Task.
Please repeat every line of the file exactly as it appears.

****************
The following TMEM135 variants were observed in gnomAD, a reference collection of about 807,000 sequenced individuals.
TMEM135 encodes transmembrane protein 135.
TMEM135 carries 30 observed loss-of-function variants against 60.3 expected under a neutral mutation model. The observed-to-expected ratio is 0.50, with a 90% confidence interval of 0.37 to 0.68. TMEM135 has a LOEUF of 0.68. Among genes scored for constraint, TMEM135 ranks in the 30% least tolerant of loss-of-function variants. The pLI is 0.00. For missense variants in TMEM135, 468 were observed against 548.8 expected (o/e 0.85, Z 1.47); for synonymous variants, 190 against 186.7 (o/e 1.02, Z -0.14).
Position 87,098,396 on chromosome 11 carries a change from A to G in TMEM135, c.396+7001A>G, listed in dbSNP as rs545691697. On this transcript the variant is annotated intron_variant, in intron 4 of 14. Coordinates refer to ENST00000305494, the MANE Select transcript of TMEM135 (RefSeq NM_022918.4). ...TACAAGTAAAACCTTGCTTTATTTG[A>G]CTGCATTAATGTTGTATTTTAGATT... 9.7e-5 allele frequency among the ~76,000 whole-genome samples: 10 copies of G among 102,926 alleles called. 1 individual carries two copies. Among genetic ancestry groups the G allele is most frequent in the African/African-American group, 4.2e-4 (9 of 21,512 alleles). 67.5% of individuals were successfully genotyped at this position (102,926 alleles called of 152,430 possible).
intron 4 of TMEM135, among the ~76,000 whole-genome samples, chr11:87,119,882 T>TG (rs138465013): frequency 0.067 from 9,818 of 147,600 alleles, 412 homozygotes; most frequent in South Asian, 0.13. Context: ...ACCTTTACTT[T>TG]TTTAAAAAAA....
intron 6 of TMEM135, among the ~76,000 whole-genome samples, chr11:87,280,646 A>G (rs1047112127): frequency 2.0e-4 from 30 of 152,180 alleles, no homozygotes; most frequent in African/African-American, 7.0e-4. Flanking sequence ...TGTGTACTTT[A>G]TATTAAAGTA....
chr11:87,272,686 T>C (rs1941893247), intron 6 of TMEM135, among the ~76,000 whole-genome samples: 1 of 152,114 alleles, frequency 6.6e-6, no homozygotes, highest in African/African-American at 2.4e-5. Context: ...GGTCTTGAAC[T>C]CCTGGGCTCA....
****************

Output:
The following TMEM135 variants were observed in gnomAD, a reference collection of about 807,000 sequenced individuals.
TMEM135 encodes transmembrane protein 135.
TMEM135 carries 30 observed loss-of-function variants against 60.3 expected under a neutral mutation model. The observed-to-expected ratio is 0.50, with a 90% confidence interval of 0.37 to 0.68. TMEM135 has a LOEUF of 0.68. Among genes scored for constraint, TMEM135 ranks in the 30% least tolerant of loss-of-function variants. The pLI is 0.00. For missense variants in TMEM135, 468 were observed against 548.8 expected (o/e 0.85, Z 1.47); for synonymous variants, 190 against 186.7 (o/e 1.02, Z -0.14).
Position 87,098,396 on chromosome 11 carries a change from A to G in TMEM135, c.396+7001A>G, listed in dbSNP as rs545691697. On this transcript the variant is annotated intron_variant, in intron 4 of 14. Coordinates refer to ENST00000305494, the MANE Select transcript of TMEM135 (RefSeq NM_022918.4). ...TACAAGTAAAACCTTGCTTTATTTG[A>G]CTGCATTAATGTTGTATTTTAGATT... 9.7e-5 allele frequency among the ~76,000 whole-genome samples: 10 copies of G among 102,926 alleles called. 1 individual carries two copies. Among genetic ancestry groups the G allele is most frequent in the African/African-American group, 4.2e-4 (9 of 21,512 alleles). 67.5% of individuals were successfully genotyped at this position (102,926 alleles called of 152,430 possible).
intron 4 of TMEM135, among the ~76,000 whole-genome samples, chr11:87,119,882 T>TG (rs138465013): frequency 0.067 from 9,818 of 147,600 alleles, 412 homozygotes; most frequent in South Asian, 0.13. Context: ...ACCTTTACTT[T>TG]TTTAAAAAAA....
intron 6 of TMEM135, among the ~76,000 whole-genome samples, chr11:87,280,646 A>G (rs1047112127): frequency 2.0e-4 from 30 of 152,180 alleles, no homozygotes; most frequent in African/African-American, 7.0e-4. Flanking sequence ...TGTGTACTTT[A>G]TATTAAAGTA....
chr11:87,272,686 T>C (rs1941893247), intron 6 of TMEM135, among the ~76,000 whole-genome samples: 1 of 152,114 alleles, frequency 6.6e-6, no homozygotes, highest in African/African-American at 2.4e-5. Context: ...GGTCTTGAAC[T>C]CCTGGGCTCA....